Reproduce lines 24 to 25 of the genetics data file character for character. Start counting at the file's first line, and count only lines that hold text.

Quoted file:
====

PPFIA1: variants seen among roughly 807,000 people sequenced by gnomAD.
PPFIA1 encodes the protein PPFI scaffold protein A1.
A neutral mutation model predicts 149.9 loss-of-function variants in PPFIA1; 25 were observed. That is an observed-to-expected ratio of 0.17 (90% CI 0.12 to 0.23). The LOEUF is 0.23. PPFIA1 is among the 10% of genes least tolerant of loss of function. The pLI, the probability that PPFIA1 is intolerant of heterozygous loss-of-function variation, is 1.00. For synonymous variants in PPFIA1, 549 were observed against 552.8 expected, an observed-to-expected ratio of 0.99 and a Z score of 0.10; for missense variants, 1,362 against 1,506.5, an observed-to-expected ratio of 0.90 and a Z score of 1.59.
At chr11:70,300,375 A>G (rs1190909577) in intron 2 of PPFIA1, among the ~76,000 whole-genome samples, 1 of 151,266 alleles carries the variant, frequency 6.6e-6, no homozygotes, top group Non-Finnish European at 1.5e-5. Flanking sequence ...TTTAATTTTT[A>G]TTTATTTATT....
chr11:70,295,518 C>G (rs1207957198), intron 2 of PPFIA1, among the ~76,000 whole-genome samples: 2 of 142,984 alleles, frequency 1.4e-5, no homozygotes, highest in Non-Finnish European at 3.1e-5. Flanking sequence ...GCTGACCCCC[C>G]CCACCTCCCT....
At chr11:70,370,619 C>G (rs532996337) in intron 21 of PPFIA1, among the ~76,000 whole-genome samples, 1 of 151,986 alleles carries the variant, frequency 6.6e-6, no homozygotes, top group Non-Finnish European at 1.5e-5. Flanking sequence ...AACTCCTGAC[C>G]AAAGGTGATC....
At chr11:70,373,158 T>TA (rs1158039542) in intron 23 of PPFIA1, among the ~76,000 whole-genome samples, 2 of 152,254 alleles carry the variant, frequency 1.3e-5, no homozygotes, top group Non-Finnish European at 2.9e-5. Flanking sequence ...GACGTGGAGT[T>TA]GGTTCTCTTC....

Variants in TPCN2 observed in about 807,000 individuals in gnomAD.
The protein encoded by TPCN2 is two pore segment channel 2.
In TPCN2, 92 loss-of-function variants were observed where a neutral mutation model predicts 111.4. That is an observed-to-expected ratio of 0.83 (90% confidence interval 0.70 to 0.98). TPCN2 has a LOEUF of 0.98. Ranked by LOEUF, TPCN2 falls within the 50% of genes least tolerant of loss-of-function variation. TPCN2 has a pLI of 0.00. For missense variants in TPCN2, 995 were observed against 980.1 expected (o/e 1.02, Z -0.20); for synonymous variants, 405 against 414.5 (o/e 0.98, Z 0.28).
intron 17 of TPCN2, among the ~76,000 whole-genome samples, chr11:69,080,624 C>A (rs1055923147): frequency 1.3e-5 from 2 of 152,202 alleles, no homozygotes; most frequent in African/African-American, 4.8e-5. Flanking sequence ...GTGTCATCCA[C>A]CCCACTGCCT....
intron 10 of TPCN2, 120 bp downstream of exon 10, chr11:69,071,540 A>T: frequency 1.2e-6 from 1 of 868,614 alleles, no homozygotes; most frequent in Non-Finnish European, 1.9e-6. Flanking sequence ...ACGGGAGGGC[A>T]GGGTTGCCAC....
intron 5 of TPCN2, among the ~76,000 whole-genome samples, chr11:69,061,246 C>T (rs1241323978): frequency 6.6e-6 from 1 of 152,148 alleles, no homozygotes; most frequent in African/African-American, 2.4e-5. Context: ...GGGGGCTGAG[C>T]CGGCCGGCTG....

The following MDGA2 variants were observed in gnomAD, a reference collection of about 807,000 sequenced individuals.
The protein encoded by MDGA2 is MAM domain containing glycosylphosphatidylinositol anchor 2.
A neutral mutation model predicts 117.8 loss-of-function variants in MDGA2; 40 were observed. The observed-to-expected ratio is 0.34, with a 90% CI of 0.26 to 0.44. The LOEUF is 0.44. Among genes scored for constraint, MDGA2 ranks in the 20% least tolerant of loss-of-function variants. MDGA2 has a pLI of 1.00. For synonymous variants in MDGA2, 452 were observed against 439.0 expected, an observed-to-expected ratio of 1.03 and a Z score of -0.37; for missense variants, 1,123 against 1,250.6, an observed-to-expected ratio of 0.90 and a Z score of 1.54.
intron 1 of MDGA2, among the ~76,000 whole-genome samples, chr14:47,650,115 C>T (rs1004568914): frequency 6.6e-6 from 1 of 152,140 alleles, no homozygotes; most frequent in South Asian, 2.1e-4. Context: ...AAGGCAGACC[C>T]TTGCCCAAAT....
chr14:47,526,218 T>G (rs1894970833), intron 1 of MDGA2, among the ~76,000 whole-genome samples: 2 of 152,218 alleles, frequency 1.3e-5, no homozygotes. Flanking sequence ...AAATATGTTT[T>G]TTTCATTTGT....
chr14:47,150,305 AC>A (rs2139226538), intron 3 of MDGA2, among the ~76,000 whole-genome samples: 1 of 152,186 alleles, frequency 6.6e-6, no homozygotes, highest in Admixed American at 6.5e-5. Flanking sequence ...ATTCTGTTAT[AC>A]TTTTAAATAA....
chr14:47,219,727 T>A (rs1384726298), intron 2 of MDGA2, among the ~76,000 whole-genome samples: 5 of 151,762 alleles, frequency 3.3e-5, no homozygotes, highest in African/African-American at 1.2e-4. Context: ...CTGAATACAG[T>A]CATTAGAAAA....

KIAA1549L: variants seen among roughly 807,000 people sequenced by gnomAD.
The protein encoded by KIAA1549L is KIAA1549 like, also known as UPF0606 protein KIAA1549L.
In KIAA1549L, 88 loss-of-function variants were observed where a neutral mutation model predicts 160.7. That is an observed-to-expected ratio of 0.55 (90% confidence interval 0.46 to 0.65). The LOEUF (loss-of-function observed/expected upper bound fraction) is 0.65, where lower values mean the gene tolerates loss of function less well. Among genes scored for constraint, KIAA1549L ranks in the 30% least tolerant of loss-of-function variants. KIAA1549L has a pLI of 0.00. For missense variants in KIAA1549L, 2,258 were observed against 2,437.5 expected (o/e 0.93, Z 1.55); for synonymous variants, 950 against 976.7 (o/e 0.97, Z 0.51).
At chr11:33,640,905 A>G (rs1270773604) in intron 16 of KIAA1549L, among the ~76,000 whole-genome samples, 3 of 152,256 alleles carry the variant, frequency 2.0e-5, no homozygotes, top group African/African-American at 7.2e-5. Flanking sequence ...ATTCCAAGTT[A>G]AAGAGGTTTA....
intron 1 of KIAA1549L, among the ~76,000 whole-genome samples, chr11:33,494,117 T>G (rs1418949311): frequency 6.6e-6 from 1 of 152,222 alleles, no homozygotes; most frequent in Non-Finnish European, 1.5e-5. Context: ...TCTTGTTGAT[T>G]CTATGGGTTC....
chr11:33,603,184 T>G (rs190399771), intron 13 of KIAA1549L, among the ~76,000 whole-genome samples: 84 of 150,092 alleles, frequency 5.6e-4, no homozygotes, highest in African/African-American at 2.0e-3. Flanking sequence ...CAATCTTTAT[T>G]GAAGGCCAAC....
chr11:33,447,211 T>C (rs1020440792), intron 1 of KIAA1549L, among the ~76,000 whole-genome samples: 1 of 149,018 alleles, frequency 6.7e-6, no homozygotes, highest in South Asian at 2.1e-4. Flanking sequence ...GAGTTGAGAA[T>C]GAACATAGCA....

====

At chr11:33,640,905 A>G (rs1270773604) in intron 16 of KIAA1549L, among the ~76,000 whole-genome samples, 3 of 152,256 alleles carry the variant, frequency 2.0e-5, no homozygotes, top group African/African-American at 7.2e-5. Flanking sequence ...ATTCCAAGTT[A>G]AAGAGGTTTA....
intron 1 of KIAA1549L, among the ~76,000 whole-genome samples, chr11:33,494,117 T>G (rs1418949311): frequency 6.6e-6 from 1 of 152,222 alleles, no homozygotes; most frequent in Non-Finnish European, 1.5e-5. Context: ...TCTTGTTGAT[T>G]CTATGGGTTC....